It's not the number of layers so much as the relative thickness. If you use thick 1095 and thin 15N20 you'll get a balanced dark-light look if you have a reasonable number of layers for the pattern at hand. If your layers are the same thickness, the bright will overpower the dark and it'll be a mostly shiny blade. Back in the 1980s when Damascus was becoming common, people used 1/4" thick 1095 and pure nickel foil, around 0.007" thick. That thin layer of bright made for a blade that was mostly dark. In the 1990s people discovered AISI A203E nickel steel. It was used for pressure vessels and came in 1/16 to 1/4" thickness. Mixing that with equal parts 1095 at 1/4" thickness made for a mostly bright blade. In the late 90s into the early 2000s we played with L6 for the nickel layer, since it was high carbon as well. But it doesn't play well with 1095, making for a difficult heat treat. Then in the 2000s we discovered 15N20, which comes in fairly thin stock and acts just like 1095 in heat treatment. Then 1084 made a re-appearance, and since it etches darker than 1095 due to the increased manganese, it became the alloy of choice for the dark layers. It comes in 1/4" thickness, and 15N20 comes in 0.065" and thinner. If you stack that up and make a billet, it comes out just about perfect.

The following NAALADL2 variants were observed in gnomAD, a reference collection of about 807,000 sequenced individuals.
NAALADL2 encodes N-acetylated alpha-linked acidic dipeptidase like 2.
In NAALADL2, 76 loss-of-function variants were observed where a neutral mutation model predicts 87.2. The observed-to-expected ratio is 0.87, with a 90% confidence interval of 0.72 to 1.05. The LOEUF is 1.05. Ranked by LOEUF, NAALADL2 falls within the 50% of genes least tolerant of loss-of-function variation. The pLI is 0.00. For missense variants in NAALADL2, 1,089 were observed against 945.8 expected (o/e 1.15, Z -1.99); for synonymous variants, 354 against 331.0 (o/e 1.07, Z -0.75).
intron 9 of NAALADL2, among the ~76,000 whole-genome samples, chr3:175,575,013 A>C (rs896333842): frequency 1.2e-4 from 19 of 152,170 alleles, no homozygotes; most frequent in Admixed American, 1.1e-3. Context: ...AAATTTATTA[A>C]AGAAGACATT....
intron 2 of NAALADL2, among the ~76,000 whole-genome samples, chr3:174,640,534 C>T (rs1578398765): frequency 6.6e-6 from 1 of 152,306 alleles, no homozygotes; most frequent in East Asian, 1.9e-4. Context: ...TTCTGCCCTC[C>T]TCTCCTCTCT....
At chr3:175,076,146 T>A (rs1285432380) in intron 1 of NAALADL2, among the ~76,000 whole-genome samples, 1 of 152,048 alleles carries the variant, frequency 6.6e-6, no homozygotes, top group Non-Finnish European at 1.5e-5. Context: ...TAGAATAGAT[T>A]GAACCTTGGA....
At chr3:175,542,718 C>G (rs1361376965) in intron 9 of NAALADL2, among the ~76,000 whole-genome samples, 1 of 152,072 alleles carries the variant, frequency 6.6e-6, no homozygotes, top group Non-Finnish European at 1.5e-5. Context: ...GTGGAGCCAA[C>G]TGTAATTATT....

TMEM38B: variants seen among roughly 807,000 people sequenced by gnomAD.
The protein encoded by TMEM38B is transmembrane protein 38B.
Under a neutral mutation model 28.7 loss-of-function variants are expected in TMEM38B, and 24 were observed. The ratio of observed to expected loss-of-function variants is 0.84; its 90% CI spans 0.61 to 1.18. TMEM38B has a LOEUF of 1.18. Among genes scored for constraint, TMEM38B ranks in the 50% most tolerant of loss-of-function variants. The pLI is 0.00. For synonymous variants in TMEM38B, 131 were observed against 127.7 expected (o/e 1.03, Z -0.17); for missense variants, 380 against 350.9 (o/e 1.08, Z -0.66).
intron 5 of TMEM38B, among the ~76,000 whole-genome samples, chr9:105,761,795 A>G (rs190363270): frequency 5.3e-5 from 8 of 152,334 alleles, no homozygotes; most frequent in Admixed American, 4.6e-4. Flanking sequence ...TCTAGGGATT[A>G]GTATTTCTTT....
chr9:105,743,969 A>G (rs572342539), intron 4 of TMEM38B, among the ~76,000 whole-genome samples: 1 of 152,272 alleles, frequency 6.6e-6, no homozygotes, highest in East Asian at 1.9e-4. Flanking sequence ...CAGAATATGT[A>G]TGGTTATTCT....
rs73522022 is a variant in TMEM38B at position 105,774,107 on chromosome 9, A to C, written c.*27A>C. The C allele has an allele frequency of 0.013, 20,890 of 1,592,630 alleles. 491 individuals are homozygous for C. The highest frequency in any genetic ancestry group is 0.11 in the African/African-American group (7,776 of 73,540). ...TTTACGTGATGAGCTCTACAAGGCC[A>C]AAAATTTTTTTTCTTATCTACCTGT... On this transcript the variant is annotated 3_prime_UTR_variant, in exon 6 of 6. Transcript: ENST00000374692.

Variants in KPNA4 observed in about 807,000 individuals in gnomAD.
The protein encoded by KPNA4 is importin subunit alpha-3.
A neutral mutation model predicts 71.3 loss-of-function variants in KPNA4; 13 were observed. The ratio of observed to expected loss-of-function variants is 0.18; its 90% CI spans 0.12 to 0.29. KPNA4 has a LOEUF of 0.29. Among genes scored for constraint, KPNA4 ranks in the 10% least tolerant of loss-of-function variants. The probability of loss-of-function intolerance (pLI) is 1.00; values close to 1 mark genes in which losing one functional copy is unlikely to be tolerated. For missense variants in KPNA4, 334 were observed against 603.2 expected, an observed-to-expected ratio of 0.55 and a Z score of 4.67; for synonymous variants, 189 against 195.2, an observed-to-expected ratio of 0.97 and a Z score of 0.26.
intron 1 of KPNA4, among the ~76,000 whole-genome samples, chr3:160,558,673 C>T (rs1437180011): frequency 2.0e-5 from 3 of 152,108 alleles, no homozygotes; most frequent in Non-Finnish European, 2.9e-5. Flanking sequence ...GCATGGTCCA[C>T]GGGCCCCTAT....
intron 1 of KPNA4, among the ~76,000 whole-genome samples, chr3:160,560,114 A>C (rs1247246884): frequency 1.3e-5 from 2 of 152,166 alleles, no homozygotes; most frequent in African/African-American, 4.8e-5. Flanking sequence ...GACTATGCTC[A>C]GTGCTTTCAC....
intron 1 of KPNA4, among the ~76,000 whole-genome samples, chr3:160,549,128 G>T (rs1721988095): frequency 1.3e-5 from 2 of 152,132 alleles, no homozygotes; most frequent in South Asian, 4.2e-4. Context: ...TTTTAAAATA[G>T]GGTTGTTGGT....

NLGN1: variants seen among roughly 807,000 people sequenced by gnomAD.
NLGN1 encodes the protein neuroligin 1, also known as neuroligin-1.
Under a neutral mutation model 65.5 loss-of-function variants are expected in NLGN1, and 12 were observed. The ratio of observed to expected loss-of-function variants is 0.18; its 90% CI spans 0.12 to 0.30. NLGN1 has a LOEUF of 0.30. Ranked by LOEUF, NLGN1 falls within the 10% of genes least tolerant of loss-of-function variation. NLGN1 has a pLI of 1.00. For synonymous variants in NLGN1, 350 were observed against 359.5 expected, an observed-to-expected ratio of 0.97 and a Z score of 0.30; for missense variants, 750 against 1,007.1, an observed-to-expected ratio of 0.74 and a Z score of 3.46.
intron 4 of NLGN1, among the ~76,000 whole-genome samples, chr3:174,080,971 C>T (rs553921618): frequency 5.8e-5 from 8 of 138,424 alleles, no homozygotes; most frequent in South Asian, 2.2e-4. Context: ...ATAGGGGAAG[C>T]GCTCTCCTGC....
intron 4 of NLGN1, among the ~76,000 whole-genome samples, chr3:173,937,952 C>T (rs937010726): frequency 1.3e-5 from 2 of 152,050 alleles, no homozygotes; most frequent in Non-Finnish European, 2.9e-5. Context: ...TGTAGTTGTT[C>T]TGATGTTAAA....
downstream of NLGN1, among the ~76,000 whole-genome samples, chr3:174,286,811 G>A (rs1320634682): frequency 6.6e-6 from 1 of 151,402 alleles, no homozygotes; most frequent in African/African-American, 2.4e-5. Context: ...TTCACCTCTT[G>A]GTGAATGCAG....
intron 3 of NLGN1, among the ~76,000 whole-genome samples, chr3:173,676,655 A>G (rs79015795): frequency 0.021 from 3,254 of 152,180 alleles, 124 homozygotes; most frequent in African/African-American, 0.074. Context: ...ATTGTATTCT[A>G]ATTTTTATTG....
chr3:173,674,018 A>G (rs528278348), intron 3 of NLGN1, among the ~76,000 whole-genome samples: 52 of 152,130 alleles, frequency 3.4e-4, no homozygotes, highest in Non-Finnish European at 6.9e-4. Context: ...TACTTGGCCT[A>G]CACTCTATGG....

The pattern you want has a great effect on how many layers you need. A twist doesn't really care how thick each layer is, and can be nice with as few as five layers or as many as a few hundred. Random doesn't do well until you get past 60 or so layers, up to around 300. Ladders and raindrop look best to most people between 150 and 350 layers.
The number of layers has a far more pronounced effect at low layer counts. With a billet of 1084/15N20 seven layers thick forged down to blade size without any folding or surface manipulation will give a very high contrast blade of broad bright stripes and dark zones. Take that up to 300 layers and it becomes almost uniform, with a much more subtle pattern. This can be jazzed up by doing a high-contrast etch. This is doing a deep etch to get topography
followed by darkening the dark layers while polishing the bright. This can be done by cold bluing, hot bluing (although that can screw up your tempering), or the latest version, the concentrated instant coffee etch. These darken the 1095 or 1084 while not bothering the 15N20 much. Then you polish the blade with a single thickness of the finest grit sandpaper you used prior to etching glued to a hard backer. This polishes only the high spots (the bright 15N20) but can't get into the valleys (the 1095 or 1084).
If you don't have a press or power hammer, twist patterns are your friend. They can look great with the least amount of heavy forging.